Prominent Igbo (Ibo) writer, famous for his novels describing the effects of Western customs and values on traditional African society. Achebe's satire and his keen ear for spoken language have made him one of the most highly esteemed African writers in English. In 1990 Achebe was paralyzed from the waist down in a serious car accident.
"I would be quite satisfied if my novels (especially the ones I set in the past) did no more than teach my readers that their past - with all its imperfections - was not one long night of savagery from which the first Europeans acting on God's behalf delivered them" (from Morning Yet on Creation Day, 1975)
Chinua Achebe was born in Ogidi, Nigeria, the son of a teacher in a missionary school. His parents, though they installed in him many of the values of their traditional Igbo culture, were devout evangelical Protestants and christened him Albert after Prince Albert, husband of Queen Victoria. In 1944 Achebe attended Government College in Umuahia. Like other major Nigerian writers including Wole Soyinka, Elechi Amadi, John Okigbo, John Pepper Clark, and Cole Omotso, he was also educated at the University College of Ibadan, where he studied English, history and theology. At the university Achebe rejected his British name and took his indigenous name Chinua. In 1953 he graduated with a BA. Before joining the Nigerian Broadcasting Company in Lagos in 1954 he travelled in Africa and America, and worked for a short time as a teacher. In the 1960s he was the director of External Services in charge of the Voice of Nigeria.
During the Nigerian Civil War (1967-70) Achebe was in the Biafran government service, and then taught at US and Nigerian universities. Achebe's writings from this period reflect his deep personal disappointment with what Nigeria became since independence.
In 1967 Achebe cofounded a publishing company at Enugu with his friend, the poet Christopher Okigbo, who was killed during the Nigerian Civil War. Achebe was appointed research fellow at the University of Nigeria, and after serving as professor of English, he retired in 1981. Since 1985, Achebe has been a professor emeritus. From 1971 he has edited Okike, the leading journal of Nigerian new writing. He has also held the post of Professor of English at the University of Massachusetts, Amherst. There he met James Baldwin, also a faculty member, who was Professor of African studies at the University of Connecticut, Storrs, and Pro-Chancellor and Chairman of the Council at Anambra State University of Technology, Enugu. In the1990s Achebe was a faculty member at Bard College, a liberal arts school, where he has taught literature to undergraduates. An automobile accident on the Lagos-Ibadan expressway in 1990 left Achebe confined to a wheelchair, permanently.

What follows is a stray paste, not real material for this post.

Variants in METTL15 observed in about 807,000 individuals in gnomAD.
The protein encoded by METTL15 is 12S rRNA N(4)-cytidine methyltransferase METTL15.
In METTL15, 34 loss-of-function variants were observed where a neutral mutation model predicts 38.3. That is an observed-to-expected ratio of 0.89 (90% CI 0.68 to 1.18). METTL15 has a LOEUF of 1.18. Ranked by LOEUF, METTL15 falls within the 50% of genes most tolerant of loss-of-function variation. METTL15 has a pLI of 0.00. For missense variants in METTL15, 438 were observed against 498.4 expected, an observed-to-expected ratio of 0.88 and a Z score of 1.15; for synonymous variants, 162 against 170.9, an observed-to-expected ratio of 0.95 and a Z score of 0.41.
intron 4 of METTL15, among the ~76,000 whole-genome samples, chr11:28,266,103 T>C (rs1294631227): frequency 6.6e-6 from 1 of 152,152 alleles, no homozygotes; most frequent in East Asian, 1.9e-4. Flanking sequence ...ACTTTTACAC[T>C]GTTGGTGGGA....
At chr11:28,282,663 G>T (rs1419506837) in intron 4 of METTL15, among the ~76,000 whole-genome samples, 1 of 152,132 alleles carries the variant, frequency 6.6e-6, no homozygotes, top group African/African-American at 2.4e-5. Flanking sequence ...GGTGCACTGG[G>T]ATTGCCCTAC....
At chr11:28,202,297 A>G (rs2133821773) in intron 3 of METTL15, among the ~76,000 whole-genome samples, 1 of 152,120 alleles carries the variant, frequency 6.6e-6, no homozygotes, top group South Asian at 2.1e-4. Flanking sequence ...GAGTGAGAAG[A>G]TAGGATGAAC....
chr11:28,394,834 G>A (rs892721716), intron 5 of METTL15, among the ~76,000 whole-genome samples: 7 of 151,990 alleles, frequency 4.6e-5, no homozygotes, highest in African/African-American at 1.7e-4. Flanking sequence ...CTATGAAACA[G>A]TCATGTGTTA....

Achebe's first novel, THINGS FALL APART, appeared in 1958. The story of a traditional village "big man" Okonkwo, and his downfall has been translated into some 50 languages. It was followed two years later by NO LONGER AT EASE, and ARROW OF GOD (1964), which concern traditional Igbo life as it clashed with colonial powers in the form of missionaries and colonial government. Things Fall Apart (1958), an unsentimental novel, depicts the life of Okonkwo, ambitious and powerful leader of an Igbo community, who counts on physical strength and courage. The story is set in the 1890s, when missionaries and colonial government made its intrusion into Igbo society. Achebe took the title of the book from William Butler Yeats's The Second Coming - "Things fall apart; the centre cannot hold." Achebe's own literary language is standard English blended with pidgin, Igbo vocabulary, proverbs, images, and speech patterns.
As an essayist Achebe has gained fame with his collections MORNING YET ON CREATION DAY (1975), HOPES AND IMPEDIMENTS (1988) and his long essay THE TROUBLE WITH NIGERIA (1983). In 'An Image of Africa' (1975) Achebe criticizes Conrad's racism in Heart of Darkness. He has defended the use of the English language in the production of African fiction, insisting that the African novelist has an obligation to educate, and has attacked European critics who have failed to understand African literature on its own terms. Achebe has defined himself as a cultural nationalist with a revolutionary mission "to help my society regain belief in itself and put away the complexes of the years of denigration and self-abasement." But Achebe has not stopped criticizing postcolonial African leaders who have pillaged economies. During the military dictatorship of Gen. Sani Abacha he left Nigeria several times. When the 70th birthday of the patriarch of the modern African novel was celebrated at Bard College, on November 2000, Wole Soyinka said: "Achebe never hesitates to lay blame for the woes of the African continent squarely where it belongs" [i.e. upon corrupt postcolonial African leaders who replaced Europeans].